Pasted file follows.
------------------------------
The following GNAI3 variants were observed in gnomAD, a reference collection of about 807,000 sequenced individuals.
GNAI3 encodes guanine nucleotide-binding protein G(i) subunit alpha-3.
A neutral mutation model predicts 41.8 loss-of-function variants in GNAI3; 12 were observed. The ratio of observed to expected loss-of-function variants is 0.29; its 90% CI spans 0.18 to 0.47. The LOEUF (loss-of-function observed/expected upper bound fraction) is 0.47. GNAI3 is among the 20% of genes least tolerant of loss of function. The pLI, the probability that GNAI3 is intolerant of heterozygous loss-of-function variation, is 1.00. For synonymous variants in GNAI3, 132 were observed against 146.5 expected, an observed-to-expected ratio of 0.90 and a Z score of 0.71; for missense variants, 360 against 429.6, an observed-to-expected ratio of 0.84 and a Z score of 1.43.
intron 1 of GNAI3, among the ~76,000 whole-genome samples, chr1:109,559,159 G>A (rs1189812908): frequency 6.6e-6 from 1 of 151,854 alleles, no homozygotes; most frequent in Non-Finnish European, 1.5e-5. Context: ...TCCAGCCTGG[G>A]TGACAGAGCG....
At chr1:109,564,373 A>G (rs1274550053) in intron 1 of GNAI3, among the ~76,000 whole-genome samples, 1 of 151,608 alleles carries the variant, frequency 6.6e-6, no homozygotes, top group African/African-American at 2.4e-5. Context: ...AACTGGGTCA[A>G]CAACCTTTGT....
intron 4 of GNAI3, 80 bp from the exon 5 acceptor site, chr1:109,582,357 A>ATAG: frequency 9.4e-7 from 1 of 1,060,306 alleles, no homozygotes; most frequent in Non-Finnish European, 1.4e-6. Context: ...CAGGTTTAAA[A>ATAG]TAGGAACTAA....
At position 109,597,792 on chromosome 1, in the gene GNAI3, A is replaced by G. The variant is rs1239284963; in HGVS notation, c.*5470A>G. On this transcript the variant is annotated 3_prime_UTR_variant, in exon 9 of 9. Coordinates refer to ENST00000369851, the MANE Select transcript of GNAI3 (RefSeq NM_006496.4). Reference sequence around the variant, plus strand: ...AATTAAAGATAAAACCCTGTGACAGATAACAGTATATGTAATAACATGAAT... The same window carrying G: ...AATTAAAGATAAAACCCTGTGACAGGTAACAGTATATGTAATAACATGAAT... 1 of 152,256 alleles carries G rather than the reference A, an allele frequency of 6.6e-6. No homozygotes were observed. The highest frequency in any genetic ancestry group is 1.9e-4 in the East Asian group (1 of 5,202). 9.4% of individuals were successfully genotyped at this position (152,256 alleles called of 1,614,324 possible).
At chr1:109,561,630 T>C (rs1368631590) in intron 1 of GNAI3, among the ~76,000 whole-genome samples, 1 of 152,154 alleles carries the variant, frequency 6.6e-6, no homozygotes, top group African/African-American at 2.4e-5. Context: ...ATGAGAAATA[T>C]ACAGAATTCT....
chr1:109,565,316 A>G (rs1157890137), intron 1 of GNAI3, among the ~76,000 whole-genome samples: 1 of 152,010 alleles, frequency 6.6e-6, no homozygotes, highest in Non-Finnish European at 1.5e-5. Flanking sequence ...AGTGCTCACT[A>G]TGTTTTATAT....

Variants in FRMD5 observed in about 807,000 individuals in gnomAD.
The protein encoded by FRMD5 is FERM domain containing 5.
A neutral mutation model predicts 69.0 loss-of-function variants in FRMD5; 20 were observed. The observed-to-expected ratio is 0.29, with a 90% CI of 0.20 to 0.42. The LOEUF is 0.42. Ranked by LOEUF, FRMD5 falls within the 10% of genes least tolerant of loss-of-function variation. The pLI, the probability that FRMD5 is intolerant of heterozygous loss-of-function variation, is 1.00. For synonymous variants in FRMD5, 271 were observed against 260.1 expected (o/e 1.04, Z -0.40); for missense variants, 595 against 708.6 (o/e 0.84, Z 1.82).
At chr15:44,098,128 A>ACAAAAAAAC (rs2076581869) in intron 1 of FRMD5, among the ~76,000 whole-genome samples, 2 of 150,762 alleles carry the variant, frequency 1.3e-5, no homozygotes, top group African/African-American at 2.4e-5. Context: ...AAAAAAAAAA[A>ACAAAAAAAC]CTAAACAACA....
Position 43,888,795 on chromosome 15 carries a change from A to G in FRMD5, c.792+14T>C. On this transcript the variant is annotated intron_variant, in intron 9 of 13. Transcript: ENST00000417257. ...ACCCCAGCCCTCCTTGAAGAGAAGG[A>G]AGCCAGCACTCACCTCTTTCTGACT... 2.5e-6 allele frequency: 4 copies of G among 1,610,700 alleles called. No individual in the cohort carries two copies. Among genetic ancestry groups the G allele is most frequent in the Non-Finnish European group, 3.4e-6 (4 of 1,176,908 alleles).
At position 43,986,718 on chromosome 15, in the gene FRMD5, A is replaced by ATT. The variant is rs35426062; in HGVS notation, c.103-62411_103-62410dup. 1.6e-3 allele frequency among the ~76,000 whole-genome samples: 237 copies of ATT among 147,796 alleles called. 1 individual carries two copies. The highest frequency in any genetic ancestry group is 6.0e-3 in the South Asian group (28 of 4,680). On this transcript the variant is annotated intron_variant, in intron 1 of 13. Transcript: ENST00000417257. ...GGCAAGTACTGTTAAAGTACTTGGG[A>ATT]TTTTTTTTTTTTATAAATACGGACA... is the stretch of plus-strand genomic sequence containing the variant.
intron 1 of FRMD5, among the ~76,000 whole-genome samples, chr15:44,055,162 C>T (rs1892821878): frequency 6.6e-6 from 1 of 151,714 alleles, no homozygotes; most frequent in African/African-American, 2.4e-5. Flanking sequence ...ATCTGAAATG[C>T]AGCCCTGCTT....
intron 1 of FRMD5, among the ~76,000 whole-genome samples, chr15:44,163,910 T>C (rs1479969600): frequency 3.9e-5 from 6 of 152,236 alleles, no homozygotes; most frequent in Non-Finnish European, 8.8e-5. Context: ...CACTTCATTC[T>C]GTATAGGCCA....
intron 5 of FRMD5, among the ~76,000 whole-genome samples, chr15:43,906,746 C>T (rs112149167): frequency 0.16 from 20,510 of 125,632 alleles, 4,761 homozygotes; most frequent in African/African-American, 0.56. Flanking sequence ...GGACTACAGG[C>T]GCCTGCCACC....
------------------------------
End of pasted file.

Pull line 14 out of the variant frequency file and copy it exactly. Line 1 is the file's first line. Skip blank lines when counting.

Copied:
Position 43,888,795 on chromosome 15 carries a change from A to G in FRMD5, c.792+14T>C. On this transcript the variant is annotated intron_variant, in intron 9 of 13. Transcript: ENST00000417257. ...ACCCCAGCCCTCCTTGAAGAGAAGG[A>G]AGCCAGCACTCACCTCTTTCTGACT... 2.5e-6 allele frequency: 4 copies of G among 1,610,700 alleles called. No individual in the cohort carries two copies. Among genetic ancestry groups the G allele is most frequent in the Non-Finnish European group, 3.4e-6 (4 of 1,176,908 alleles).